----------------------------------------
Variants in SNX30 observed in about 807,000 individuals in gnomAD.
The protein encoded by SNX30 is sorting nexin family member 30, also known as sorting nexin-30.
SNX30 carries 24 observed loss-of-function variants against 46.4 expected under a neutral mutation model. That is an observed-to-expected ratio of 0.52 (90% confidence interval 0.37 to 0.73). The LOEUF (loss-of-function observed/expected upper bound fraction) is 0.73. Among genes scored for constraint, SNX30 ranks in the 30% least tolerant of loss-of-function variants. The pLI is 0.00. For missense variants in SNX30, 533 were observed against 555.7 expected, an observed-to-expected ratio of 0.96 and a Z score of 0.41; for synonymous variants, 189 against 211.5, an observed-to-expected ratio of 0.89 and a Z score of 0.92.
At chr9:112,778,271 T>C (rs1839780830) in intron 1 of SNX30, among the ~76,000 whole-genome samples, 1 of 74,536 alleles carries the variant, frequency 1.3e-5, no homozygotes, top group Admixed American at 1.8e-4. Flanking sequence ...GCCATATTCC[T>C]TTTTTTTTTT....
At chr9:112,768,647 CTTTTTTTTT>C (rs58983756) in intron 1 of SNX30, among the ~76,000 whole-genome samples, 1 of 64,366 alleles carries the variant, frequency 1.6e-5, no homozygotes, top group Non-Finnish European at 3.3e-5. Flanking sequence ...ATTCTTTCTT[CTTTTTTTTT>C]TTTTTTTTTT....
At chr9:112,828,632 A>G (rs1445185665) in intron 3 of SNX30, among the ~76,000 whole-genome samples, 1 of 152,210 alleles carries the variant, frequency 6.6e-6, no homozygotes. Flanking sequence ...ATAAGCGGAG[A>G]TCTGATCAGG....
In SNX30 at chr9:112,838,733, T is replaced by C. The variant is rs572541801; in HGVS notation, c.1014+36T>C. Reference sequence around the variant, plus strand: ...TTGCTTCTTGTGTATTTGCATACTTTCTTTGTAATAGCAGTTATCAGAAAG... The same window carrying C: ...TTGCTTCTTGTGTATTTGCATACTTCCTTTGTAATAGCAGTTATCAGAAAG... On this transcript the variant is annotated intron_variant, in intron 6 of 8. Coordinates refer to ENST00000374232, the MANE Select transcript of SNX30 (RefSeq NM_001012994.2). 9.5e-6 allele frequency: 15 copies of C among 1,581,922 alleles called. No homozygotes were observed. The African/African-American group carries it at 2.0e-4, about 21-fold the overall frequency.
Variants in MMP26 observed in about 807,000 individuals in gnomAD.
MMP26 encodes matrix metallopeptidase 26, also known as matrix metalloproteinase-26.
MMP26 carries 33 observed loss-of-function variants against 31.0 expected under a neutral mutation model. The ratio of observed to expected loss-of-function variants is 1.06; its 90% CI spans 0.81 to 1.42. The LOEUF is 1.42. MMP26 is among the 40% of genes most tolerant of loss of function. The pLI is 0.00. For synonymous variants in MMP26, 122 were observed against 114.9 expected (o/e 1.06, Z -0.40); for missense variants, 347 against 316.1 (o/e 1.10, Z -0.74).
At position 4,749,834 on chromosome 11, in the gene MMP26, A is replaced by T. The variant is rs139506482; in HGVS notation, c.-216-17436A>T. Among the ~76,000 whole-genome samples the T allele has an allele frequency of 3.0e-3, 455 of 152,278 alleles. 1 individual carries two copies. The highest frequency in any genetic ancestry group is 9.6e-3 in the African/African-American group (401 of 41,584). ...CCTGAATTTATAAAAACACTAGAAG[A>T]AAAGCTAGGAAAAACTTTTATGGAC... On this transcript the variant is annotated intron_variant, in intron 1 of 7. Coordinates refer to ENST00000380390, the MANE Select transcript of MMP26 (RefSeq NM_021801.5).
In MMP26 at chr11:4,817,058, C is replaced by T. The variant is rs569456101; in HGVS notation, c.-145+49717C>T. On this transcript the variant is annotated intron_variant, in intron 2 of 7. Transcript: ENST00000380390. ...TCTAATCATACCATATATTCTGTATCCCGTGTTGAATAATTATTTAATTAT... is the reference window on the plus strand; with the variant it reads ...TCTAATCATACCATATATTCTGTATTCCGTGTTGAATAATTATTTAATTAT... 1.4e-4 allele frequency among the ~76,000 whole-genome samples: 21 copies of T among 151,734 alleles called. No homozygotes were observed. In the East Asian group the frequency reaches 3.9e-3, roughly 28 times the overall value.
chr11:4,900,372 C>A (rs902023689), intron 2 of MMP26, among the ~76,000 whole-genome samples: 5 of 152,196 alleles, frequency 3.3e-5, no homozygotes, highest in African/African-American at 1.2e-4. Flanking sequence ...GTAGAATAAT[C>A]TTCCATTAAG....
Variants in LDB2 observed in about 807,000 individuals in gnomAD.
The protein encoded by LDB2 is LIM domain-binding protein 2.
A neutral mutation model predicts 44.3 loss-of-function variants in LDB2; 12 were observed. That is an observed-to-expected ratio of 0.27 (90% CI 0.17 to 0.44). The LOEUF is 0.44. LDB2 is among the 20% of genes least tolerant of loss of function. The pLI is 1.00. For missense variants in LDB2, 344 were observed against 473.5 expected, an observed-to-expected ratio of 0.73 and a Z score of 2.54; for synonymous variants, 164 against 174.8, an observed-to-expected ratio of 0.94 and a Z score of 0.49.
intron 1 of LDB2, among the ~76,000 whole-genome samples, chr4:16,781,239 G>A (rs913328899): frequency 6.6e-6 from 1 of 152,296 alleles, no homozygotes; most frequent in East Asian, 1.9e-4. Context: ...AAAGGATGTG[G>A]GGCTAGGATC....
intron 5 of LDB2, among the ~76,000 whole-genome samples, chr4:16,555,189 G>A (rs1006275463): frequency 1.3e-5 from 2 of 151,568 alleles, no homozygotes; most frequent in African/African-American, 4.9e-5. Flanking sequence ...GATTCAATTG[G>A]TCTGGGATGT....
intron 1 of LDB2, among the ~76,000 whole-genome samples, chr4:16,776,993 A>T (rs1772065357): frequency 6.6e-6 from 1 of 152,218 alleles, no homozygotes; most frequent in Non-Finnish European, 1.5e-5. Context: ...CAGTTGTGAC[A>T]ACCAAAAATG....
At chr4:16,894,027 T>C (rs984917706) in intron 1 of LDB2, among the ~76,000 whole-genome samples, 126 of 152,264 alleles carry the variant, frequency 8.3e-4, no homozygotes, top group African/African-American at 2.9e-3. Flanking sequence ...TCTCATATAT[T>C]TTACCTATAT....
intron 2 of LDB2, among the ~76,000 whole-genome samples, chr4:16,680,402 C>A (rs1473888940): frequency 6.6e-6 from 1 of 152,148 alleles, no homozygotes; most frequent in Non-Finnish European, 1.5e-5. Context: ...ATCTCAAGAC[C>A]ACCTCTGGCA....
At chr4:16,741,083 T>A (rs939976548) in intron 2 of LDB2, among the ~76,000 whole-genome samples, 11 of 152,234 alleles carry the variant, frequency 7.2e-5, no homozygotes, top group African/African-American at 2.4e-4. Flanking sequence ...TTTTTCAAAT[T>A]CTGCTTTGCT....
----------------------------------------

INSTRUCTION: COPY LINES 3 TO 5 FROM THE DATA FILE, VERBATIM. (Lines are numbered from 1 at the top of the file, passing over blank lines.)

SNX30 carries 24 observed loss-of-function variants against 46.4 expected under a neutral mutation model. That is an observed-to-expected ratio of 0.52 (90% confidence interval 0.37 to 0.73). The LOEUF (loss-of-function observed/expected upper bound fraction) is 0.73. Among genes scored for constraint, SNX30 ranks in the 30% least tolerant of loss-of-function variants. The pLI is 0.00. For missense variants in SNX30, 533 were observed against 555.7 expected, an observed-to-expected ratio of 0.96 and a Z score of 0.41; for synonymous variants, 189 against 211.5, an observed-to-expected ratio of 0.89 and a Z score of 0.92.
At chr9:112,778,271 T>C (rs1839780830) in intron 1 of SNX30, among the ~76,000 whole-genome samples, 1 of 74,536 alleles carries the variant, frequency 1.3e-5, no homozygotes, top group Admixed American at 1.8e-4. Flanking sequence ...GCCATATTCC[T>C]TTTTTTTTTT....
At chr9:112,768,647 CTTTTTTTTT>C (rs58983756) in intron 1 of SNX30, among the ~76,000 whole-genome samples, 1 of 64,366 alleles carries the variant, frequency 1.6e-5, no homozygotes, top group Non-Finnish European at 3.3e-5. Flanking sequence ...ATTCTTTCTT[CTTTTTTTTT>C]TTTTTTTTTT....